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Say I just executed 'ls' , 'ls -l', 'cd ~', now how to execute 'ls -l', which is the last one in the history of the command ls.

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You can just press the up arrow until you get to your command –  Chris Mukherjee Oct 13 '13 at 8:44
Which shell are you using? –  chepner Oct 13 '13 at 21:20
bash of course. –  user2873205 Oct 15 '13 at 5:30

3 Answers 3

up vote 0 down vote accepted

if you're in bash, type 'ls' then hit CTRL+r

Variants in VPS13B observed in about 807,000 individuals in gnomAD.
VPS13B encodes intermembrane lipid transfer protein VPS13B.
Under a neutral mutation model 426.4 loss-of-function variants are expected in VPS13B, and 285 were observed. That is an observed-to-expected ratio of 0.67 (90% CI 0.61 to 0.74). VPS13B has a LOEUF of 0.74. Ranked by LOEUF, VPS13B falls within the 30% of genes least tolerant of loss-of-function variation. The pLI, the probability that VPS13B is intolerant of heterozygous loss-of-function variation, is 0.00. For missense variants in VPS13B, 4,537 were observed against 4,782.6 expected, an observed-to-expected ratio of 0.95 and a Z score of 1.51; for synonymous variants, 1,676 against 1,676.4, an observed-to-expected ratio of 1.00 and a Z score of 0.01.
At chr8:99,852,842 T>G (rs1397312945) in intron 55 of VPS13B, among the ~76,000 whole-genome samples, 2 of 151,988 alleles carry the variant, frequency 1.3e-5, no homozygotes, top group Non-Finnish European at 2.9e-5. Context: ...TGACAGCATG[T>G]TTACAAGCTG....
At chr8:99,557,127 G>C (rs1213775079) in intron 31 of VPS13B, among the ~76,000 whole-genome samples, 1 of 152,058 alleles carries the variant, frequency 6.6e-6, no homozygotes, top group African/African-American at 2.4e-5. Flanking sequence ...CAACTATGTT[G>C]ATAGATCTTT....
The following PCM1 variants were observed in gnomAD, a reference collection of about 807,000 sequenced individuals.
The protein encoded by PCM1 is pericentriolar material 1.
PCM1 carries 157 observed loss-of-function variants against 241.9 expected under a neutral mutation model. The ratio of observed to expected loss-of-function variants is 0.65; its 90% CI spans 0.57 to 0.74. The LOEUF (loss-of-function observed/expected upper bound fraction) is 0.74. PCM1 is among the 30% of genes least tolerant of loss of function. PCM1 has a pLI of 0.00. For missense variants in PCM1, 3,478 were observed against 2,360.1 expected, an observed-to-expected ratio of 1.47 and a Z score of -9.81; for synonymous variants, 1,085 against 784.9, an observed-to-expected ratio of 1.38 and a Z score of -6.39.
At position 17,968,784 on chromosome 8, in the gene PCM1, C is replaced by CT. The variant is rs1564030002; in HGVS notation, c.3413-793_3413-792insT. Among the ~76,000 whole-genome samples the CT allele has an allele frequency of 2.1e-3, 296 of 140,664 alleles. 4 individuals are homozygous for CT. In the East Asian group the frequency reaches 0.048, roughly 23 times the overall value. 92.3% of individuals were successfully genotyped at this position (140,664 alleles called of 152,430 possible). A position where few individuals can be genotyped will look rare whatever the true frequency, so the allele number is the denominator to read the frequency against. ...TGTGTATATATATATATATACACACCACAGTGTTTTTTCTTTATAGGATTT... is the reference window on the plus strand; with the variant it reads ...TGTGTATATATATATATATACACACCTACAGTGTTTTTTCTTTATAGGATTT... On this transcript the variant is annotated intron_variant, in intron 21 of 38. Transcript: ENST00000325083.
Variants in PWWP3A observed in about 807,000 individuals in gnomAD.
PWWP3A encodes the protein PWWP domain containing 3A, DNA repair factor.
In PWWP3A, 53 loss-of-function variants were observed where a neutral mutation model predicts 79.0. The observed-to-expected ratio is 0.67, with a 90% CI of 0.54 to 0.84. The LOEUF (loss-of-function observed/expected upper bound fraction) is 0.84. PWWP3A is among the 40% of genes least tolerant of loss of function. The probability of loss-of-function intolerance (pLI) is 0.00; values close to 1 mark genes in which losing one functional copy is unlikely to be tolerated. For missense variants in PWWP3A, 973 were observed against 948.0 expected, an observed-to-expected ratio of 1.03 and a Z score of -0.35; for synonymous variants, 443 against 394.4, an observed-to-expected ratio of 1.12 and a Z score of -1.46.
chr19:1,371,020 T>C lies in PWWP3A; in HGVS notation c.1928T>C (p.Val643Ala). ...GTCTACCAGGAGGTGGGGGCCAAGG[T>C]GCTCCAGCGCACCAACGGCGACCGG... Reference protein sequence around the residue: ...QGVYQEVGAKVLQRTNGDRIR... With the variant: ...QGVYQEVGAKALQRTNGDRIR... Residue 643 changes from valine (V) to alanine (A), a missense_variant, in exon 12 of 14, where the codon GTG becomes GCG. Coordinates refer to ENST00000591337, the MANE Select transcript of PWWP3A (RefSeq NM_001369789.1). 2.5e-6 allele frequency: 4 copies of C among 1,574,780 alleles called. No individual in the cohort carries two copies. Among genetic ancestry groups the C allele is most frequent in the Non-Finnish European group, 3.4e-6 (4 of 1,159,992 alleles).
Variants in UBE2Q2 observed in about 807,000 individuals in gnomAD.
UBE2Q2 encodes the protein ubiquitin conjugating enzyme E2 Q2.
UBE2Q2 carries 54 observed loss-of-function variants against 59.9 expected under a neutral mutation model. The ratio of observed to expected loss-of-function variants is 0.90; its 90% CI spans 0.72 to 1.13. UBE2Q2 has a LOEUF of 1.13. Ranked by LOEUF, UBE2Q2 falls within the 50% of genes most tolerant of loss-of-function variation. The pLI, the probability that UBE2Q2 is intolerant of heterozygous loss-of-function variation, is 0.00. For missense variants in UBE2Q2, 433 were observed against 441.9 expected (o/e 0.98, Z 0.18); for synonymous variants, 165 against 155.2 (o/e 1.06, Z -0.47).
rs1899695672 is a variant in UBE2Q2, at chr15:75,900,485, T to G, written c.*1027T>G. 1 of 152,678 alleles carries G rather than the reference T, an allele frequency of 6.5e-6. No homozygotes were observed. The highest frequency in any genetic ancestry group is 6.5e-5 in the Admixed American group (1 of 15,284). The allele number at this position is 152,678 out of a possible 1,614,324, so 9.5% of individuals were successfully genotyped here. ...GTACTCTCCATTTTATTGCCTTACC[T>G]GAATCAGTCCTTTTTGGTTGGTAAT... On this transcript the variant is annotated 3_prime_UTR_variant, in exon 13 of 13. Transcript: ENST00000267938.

that will recall last command with ls. hitting it again will recall the one before.

you can also use '!ls' to achieve the same thing.

alternatively you can use the history number an re-execute thus:


if 'ls -l' was entry no. 23

but if you're looking for "run 2 commands ago". i'm not aware of anything, that's not to say there might not be something in another shell.

oops looks like someone already replied :-)

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Use CTRL+r and type some characters. You should get the last executed command staring with these characters.

Keep hitting CTRL+r to go back in history.

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If it is the last command you used ls -l then type: "!!" No quatations

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